Nelly Dean - (Pat Heywood, age 51) Sigh. You would think that in the most accurate version of Wuthering Heights, that they would get this right! But no, here we have one of the oldest Nellys. I know I've said this before, but I hate how Nelly is pushed into "nursemaid" for Cathy (the second generation, I don't care that much), but damn it, why in the first generation? The most ironic thing is Nelly is played by Pat Heywood who you may recognize as, I kid you not, the nurse in Zefferelli's Romeo & Juliet.


The only difference is costuming.


Hareton Earnshaw - (David Wilkinson, age 23) Um, don't remember, yet again. But it's promising that he is actually the same age as the character...at his oldest...but it's still an improvement.
Catherine Linton - (Cathryn Harrison, age 19) I recall her being a bit too bitchy. I know Catherine is supposed to be cold to Lockwood and to Hareton, but she was just too cold, as I rememeber.

Linton Heathcliff - (Andrew Burleigh, age unknown) Um...whiny?



Joseph -(Brian Wilde) Meh.


Lockwood -(Richard Kay) Lockwood is in this one a lot, but mostly as a plot device. He's only there because the book requires him to be. I do like that they portray his interest in Catherine, though.

Costumes/Character Appearances -Again, we have clothing from the 1700's and again they are simple due to the overall production quality. But like I've said before, the simple costumes fit the inhabitants at the Heights, but the Grangers should be more fancy. Other than Heathcliff, Cathy, and Nelly, I don't mind the appearances of the actors. I'm a fan of Isabella and Catherine's youth.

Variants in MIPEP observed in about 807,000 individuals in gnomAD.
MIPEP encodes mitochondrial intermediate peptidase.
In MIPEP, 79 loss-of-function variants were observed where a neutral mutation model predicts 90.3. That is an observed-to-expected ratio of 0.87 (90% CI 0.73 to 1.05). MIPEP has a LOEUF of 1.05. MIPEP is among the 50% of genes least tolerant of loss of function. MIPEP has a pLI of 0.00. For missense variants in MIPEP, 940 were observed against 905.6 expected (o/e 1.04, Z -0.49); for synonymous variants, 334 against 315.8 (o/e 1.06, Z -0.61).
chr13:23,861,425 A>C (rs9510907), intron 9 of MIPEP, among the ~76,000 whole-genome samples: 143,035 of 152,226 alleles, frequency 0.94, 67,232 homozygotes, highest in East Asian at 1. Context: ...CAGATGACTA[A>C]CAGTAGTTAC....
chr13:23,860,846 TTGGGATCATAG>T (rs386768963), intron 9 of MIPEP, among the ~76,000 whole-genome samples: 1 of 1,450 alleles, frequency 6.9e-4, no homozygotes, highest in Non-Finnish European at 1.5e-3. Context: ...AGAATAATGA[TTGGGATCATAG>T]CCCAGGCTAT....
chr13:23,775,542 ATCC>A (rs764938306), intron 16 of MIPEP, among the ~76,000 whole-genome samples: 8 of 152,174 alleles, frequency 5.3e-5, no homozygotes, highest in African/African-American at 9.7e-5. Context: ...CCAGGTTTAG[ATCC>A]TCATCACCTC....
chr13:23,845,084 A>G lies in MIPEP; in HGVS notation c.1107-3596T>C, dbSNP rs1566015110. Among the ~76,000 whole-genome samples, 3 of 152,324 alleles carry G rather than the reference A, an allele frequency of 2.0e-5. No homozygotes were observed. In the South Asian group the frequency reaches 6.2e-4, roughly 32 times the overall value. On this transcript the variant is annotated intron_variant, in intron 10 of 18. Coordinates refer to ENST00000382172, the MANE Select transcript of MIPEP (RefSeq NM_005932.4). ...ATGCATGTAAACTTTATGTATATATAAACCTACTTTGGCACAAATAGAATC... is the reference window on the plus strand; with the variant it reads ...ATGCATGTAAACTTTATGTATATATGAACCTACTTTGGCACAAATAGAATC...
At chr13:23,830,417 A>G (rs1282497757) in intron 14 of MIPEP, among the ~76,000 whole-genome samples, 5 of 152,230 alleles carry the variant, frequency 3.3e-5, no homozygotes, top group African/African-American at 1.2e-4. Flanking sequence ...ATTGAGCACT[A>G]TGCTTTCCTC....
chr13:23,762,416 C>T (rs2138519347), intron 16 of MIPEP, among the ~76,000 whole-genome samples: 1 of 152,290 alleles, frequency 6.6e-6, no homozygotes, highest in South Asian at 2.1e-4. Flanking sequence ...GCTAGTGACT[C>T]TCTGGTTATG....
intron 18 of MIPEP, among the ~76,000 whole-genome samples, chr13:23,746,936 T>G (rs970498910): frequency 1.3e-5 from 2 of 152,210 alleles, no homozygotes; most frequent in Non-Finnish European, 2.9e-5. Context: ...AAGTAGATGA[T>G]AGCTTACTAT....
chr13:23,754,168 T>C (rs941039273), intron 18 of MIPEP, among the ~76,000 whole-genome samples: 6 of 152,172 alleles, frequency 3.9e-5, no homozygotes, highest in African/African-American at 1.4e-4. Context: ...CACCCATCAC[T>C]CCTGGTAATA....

Sets/Filming Locations - Like the 1967 version, this is a TV production and the sets are small and cramped. So are the shots. However, there is accuracy with the grotesque nude little boys on the front of the house.



Music -Um, obviously not memorable.

Overall Likes - Minute attention to detail; Dual generations; Isabella and Catherine's youth; "I am Heathcliff" scene very complete; Lockwood's interest in Catherine.

Overall Dislikes - The "seventy-times seven" scene; Lack of characterization; Actors too old; S-L-O-W; Nelly...grrr; Unsympathetic Catherine (as I recall).

Final Thoughts - Someday, I will rewatch this version and write a better, more complete blog. I truly apologize, but I'm a completist so I needed to post this right after the 1970 version. Overall, I think my biggest issue with this miniseries is that it spent too much time with Heathcliff and Cathy as children. I know it's accurate, but I've taught myself to not attach myself to the characters as kids since they will soon morph into adults. But there was so much time spent on them in this version that I hadn't attached myself to the new Heathcliff and Cathy by the time my favorite scene came around.


Ugh...anyway, I can't recommend this adaptation to anyone unless they really love the book. And even then, I'm warning you it kind of sucks. Since this review also kind of sucks, here's a link to a Youtube video of the "I am Heathcliff" scene, the most complete ever.



1 comment:

Andrew said...

Perhaps next in your series, you could post your thoughts on the semaphore version of Wuthering Heights?